That’s cool and all and the non-personification of the enemy usually makes the feeling of imminently looming peril even more urgent. But the well-known dramatic trick didn’t work in Greyhound. Not at all. The direction was just too anaemic, the screenplay (by Hanks) too weak. I didn’t give a shit about anybody, on screen or off.

CONCLUSION: A procedural small scale production of a U-boat hunt without any character. Many cheaply made effects don’t necessarily have any effect on the audience. I guess Tom Hanks is lucky his film was snatched up by AppleTV+, it wouldn’t stand a chance in the theatre.

Reviews anybody?


Enuff of that shite! 😐



Better than any of the X-Men movie!

Led by a warrior named Andy (Charlize Theron), a covert group of tight-knit mercenaries with a mysterious inability to die have fought to protect the mortal world for centuries. But when the team is recruited to take on an emergency mission and their extraordinary abilities are suddenly exposed, it’s up to Andy and Nile (Kiki Layne), the newest soldier to join their ranks, to help the group eliminate the threat of those who seek to replicate and monetize their power by any means necessary.

IMDb: 6.8

Now, the second most-talked-about movie right now plays in a whole different league than Greyhound. Not only did Charlize Theron come into her own right as a female action star, this flick is the perfect vehicle for her to show of her impressive stunt skills and acting abilities.

The Old Guard is based on a series of comic books, and sticks very very close to the original material, which is always beneficial if you don’t wanna lose 80% of your audience right away. And that comic doesn’t necessarily mean we’re talking about mice and ducks here should be clear for everybody in the fukn year of your lord 2020!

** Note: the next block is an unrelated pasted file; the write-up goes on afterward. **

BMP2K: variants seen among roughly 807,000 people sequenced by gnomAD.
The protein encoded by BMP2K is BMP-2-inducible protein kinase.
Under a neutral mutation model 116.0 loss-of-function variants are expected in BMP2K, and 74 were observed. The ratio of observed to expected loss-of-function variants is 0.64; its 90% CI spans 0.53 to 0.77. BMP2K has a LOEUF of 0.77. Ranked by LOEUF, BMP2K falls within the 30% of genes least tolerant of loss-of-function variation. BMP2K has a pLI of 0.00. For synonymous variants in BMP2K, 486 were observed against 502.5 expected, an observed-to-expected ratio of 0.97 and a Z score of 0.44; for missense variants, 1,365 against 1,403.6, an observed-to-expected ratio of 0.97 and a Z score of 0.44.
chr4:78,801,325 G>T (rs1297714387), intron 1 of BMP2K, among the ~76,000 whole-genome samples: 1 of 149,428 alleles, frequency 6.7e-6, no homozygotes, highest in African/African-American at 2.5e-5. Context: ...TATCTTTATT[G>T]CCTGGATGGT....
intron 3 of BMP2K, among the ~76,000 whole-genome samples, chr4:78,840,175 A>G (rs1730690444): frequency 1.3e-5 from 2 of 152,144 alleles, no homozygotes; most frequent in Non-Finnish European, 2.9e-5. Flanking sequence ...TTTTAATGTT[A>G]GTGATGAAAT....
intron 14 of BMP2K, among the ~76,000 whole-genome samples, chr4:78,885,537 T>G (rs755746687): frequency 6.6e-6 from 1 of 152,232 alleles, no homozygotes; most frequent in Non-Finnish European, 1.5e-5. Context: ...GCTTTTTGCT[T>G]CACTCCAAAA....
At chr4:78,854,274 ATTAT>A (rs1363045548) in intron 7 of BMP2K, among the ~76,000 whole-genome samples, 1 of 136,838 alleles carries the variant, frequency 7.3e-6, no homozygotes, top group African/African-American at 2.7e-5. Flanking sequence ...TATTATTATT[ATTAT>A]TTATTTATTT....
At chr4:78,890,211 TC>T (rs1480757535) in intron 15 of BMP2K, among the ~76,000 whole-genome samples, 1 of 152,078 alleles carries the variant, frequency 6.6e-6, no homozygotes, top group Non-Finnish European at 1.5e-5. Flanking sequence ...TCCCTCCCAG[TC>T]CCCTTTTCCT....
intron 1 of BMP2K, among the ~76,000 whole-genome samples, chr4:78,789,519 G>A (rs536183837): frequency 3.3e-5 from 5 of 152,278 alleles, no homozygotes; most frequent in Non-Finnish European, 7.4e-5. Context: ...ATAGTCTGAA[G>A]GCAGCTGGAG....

I fact is Theron’s Andy (originally Andromache, a suffering Trojan woman/widow of Hector, or a Amazon fighter by the same name) a well-rounded and developed character, who wears all the world weariness of a too long existence on her shoulders, right from the get go, so are her gang members and particularly the new recruit Nile, played by KiKi Layne.

Astonishingly many scenes in TOG are character- and dialogue-based, action is only used when needed for the story, not for its own sake. In so far is TOG more intelligent and thinky than your average Bayhem flick, and even more dramatic than the better X-Men movies.

Of course we do need a least one gay couple in every movie these days. Unfortunately it’s not Andy and Nile but Joe and Nicky from her crew. But fortunately their relationship isn’t in-ya-face woke but just natural … or as natural as centuries old comic grandpas can be. 😉